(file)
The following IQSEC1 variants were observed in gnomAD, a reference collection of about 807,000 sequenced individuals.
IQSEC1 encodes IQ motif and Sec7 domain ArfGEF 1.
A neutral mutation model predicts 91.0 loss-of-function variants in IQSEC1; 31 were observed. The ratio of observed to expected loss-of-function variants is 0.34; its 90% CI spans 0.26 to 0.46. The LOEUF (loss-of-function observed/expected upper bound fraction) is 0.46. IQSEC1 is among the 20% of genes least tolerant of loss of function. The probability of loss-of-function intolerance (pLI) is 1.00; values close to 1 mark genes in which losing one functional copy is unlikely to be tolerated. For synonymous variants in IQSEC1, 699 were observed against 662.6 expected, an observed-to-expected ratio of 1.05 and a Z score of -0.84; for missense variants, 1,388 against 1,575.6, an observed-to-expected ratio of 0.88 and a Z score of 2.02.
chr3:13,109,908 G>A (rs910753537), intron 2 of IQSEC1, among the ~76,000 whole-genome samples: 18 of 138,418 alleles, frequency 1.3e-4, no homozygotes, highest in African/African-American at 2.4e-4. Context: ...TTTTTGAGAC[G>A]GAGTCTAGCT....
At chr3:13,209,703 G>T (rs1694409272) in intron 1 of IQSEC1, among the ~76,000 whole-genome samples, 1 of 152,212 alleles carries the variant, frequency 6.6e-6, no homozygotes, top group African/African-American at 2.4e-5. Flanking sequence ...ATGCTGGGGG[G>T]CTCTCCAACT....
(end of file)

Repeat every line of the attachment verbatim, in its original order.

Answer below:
The following IQSEC1 variants were observed in gnomAD, a reference collection of about 807,000 sequenced individuals.
IQSEC1 encodes IQ motif and Sec7 domain ArfGEF 1.
A neutral mutation model predicts 91.0 loss-of-function variants in IQSEC1; 31 were observed. The ratio of observed to expected loss-of-function variants is 0.34; its 90% CI spans 0.26 to 0.46. The LOEUF (loss-of-function observed/expected upper bound fraction) is 0.46. IQSEC1 is among the 20% of genes least tolerant of loss of function. The probability of loss-of-function intolerance (pLI) is 1.00; values close to 1 mark genes in which losing one functional copy is unlikely to be tolerated. For synonymous variants in IQSEC1, 699 were observed against 662.6 expected, an observed-to-expected ratio of 1.05 and a Z score of -0.84; for missense variants, 1,388 against 1,575.6, an observed-to-expected ratio of 0.88 and a Z score of 2.02.
chr3:13,109,908 G>A (rs910753537), intron 2 of IQSEC1, among the ~76,000 whole-genome samples: 18 of 138,418 alleles, frequency 1.3e-4, no homozygotes, highest in African/African-American at 2.4e-4. Context: ...TTTTTGAGAC[G>A]GAGTCTAGCT....
At chr3:13,209,703 G>T (rs1694409272) in intron 1 of IQSEC1, among the ~76,000 whole-genome samples, 1 of 152,212 alleles carries the variant, frequency 6.6e-6, no homozygotes, top group African/African-American at 2.4e-5. Flanking sequence ...ATGCTGGGGG[G>T]CTCTCCAACT....